Mind Your Legalese: Judgment in Default of Appearance

judgment in default of appearance

In our previous article in the Mind Your Legalese series, we discussed the different modes of initiating a suit, i.e. the Writ of Summons and the Originating Summons. Specifically for a legal suit commenced by a Writ of Summons, the defendant receiving a Writ of Summons must enter an appearance within the stipulated time, failing of which a judgment in default of appearance may be entered.

Appearance

If a defendant who receives a Writ of Summons is desirous to defend the legal suit brought against him/her, he first must enter what is known as an ‘appearance’. This is essentially done by filing the prescribed form with the courts and serving a copy of the document on the plaintiff or the plaintiff’s solicitors.

However, as with most court processes, entry of an appearance is time sensitive. The Rules of Court 2012 prescribes that generally, a defendant is only given 14 days after the service of the Writ of Summons on the defendant to enter an appearance. If the Writ of Summons was allowed to be served outside of Malaysia, then the defendant is given 21 days after the service of the notice of Writ of Summons. It must be noted that these are general rules and there may be exceptions provided under the Rules of Court 2012 or as allowed by the courts.

What Happens if the Defendant Does Not Enter an Appearance?

If the plaintiff successfully serves the Writ of Summons on the defendant in accordance to the Rules of Court 2012 and the defendant does not enter an appearance within the stipulated time, the plaintiff may consider entering judgment in default of appearance (colloquially referred to as ‘JID of appearance’).

Simply put, a judgment in default of appearance is a judgment given to the plaintiff against the defendant. The Rules of Court 2012 provides specific rules vis-a-vis a judgment in default of appearance depending on the type of claim. In any case, the requirement for a judgment in default of appearance is that:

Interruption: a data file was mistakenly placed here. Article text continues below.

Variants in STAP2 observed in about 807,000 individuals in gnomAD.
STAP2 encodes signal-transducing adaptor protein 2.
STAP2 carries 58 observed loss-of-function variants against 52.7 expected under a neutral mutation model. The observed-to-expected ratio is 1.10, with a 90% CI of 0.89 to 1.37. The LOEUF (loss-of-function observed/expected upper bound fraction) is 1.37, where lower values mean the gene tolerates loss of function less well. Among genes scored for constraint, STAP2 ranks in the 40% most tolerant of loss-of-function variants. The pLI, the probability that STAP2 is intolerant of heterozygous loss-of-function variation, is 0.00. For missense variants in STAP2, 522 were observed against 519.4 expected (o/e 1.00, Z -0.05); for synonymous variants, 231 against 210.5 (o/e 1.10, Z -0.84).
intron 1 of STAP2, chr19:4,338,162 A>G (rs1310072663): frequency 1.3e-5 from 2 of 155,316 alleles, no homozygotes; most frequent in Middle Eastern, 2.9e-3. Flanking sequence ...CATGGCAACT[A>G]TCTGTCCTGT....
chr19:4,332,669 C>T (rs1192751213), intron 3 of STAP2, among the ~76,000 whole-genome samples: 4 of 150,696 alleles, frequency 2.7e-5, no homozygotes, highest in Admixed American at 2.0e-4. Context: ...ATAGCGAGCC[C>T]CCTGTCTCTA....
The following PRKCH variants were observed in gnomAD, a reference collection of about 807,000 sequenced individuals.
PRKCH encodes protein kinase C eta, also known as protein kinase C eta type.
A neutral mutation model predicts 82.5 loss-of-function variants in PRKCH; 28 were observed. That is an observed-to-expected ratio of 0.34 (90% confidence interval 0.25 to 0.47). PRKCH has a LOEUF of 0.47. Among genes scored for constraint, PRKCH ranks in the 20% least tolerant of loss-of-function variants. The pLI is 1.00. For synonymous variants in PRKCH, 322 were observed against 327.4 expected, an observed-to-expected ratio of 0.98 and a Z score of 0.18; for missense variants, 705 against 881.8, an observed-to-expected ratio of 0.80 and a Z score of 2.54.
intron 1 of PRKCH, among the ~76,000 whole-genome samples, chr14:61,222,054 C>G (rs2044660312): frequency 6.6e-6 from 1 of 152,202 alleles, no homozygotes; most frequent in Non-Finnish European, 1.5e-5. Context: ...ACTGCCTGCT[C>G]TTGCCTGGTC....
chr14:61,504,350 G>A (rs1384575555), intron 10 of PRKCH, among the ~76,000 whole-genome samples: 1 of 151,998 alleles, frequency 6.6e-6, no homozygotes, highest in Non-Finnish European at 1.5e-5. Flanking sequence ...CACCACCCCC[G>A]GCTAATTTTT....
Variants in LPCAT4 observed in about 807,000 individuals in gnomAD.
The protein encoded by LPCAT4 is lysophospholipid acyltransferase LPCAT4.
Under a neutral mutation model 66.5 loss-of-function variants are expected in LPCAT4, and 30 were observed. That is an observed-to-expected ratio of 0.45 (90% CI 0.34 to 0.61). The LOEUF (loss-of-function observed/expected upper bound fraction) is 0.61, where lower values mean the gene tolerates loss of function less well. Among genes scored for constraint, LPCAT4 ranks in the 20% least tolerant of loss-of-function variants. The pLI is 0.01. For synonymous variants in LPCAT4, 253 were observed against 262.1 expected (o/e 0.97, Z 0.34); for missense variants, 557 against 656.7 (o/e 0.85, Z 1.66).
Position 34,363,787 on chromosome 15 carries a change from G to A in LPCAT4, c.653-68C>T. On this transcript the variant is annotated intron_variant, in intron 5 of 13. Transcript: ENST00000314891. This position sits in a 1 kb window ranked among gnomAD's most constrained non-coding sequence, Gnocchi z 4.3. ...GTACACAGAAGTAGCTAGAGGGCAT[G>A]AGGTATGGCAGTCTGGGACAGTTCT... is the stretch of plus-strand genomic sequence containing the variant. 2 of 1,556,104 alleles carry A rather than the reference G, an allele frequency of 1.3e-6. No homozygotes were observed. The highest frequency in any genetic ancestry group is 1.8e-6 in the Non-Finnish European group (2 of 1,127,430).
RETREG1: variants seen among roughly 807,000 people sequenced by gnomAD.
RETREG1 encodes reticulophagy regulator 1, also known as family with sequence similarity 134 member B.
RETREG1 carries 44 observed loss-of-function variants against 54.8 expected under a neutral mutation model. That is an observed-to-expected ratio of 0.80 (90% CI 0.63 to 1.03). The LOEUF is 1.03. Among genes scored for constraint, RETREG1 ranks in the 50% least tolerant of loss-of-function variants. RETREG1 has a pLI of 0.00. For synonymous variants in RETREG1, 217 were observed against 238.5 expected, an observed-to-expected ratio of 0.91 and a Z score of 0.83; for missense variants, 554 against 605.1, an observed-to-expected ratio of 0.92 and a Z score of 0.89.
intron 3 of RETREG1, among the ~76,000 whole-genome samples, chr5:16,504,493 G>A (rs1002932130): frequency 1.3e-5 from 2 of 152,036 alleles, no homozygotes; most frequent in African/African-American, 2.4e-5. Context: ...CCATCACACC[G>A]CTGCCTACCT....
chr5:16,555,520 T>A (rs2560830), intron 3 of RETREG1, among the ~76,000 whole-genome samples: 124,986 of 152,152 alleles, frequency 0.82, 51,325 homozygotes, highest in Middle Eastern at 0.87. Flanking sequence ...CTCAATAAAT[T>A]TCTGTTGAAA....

1. the plaintiff must produce a certificate of non-appearance; and
  2. an affidavit must be filed proving that the Writ of Summons was duly served on the defendant(s).

Notwithstanding the above requirements, Order 13 rule 7(2) of the Rules of Court 2012 provides that the Court may direct further requirements for it to be satisfied that the defendant is indeed in default of appearance.

What happens after the plaintiff has obtained a judgment in default of appearance?

The plaintiff who obtains a judgment in default of appearance may enforce that judgment. This can be done in various ways, for example a bankruptcy or winding-up action, garnishee proceedings, writ of seizure and sale etc., all of which may possibly subjects of its own article in the future.

However, it must be noted that the Rules of Court 2012 allows for a judgment in default of appearance obtained by the plaintiff to be set aside. The discretion to set aside a judgment in default of appearance rests with the court. Order 13 rule 18 Rules of Court 2012 reads as follows:

8 Setting aside judgment (O 13 r 8)

The Court may, on such terms as it thinks just, set aside or vary any judgment entered in pursuance of this Order.

The Rules of Court 2012 also prescribes that an application to set aside a judgment in default of appearance has to be made to the court and served on the plaintiff within 30 days after the receipt of the judgment in default of appearance on the defendant.